How Mr Beast Became The Most Famous Youtuber In The World
Mr Beast, aka Jimmy Donaldson, might be the world’s biggest creator on the world’s biggest creator platform, Youtube.
From a 13-year-old kid with 240 subscribers to a 23-year-old with 88 million subscribers and a restaurant chain of 1,000 locations. It’s hard to imagine what Mr Beast might achieve in the next decade.
Recently Colin and Samir sat down with Mr Beast to find out how he’s done it. Here’s what you need to know.
The Key To Building An Audience
Ask ‘how can I make my video’s better? Do that every single day for years, and the results will come.
Colin and Samir asked Jimmy what would help them get to 1 million subscribers.
Jimmy said followers are an arbitrary number and don’t matter. The question should always be, “what helps us create the best videos possible?” Subscribers and views are secondary to creating the best content possible.
No one is the biggest YouTuber in the world because they make the best thumbnails or write the best titles; sure, that stuff helps but at the end of the day, creating the best content possible is what matters.
Attention Is The Most Valuable Currency
“If you could post a piece of content and everyone watched it, then you’d be the most powerful person in the world.”
Mr Beast sees attention as the most valuable currency in the world.
A Rising Tide Lifts All Boats
Who do you think is more likely to be successful?
• A solo creator grinding by themselves for 12 hours a day, every day.
• A group of 4 friends grinding as well but sharing all their lessons with each other.
The group of friends will be so far ahead it won’t even be comparable.
Jimmy takes this to the extreme:
One time his group of friends did an 18-hour skype call tearing apart each other’s content and trying to find ways to do better. That’s all he did for that entire day, then went back to sleep.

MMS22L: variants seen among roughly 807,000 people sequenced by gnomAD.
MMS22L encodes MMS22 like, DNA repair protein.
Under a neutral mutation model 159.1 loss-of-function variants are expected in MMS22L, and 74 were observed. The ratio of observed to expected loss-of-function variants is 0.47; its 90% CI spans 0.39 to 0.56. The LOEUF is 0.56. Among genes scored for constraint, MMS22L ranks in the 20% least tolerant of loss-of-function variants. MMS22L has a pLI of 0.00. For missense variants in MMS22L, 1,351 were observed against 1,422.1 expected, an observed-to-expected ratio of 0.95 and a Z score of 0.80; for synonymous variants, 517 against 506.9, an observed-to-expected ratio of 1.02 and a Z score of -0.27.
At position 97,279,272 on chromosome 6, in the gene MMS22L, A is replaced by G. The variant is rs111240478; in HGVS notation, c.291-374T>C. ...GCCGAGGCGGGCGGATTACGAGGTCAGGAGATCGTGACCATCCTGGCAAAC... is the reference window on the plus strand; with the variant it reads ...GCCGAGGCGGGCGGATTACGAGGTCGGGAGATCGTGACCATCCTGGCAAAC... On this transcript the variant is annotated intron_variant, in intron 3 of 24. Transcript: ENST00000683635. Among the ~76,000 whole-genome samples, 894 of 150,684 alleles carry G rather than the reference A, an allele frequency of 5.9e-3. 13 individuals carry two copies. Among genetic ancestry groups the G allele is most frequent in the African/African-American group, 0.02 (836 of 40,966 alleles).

What started as a skype group is now a list of people he calls every week and asks them to teach him something. Learning about his craft is fun for him, and he enjoys having conversations with other creators and entrepreneurs that he can learn from.
You Need To Be Obsessed With Your Craft
If he didn’t make it and only had like 5,000 subscribers, Jimmy said he’d probably still be working at McDonald’s and spending every other minute possible trying to grow his channel until he made it work.
No one was making Youtube videos when Jimmy started; everyone thought he was weird.
He was creating solo from the age of 13 till 18 until he met others doing the same thing. At that point, he had 10,000 subscribers.
Most kids his age talked about cartoons while he wanted to talk about dropshipping and creating content.
His first videos weren’t very good, and he used to get hassled by kids his age telling him he was awkward and sucked.
But he was obsessed and wanted to dedicate his life to it, so he spent all day and night grinding and learning about the craft.
Retention Is King
“This first impression might be all you get with someone forever.”
Jimmy is a perfectionist and obsesses over the first 10 seconds of his video.
In that first 10 seconds, you have to let someone know exactly what they are getting. He spends days thinking about the first minute of a video before shooting and during editing.
They often plan out and work on videos for months before they are released.
With long-form content, you need a break or a sub-plot to re-engage your audience, no matter the medium. On Youtube, these are videos that stretch past 15 minutes; for blogs, this is around the 2,000-wordmark.
Use interludes like “an ejector button that shoots you to the moon or a random grizzly bear appears.”
You don’t always need sub-plots or side stories. You can use other visuals or cuts and cool animations to keep people engaged.
The golden number for Youtube retention is 70%, i.e. If 70% of your viewers watch video’s all the way through, you’re going to win.
Don’t Lose Focus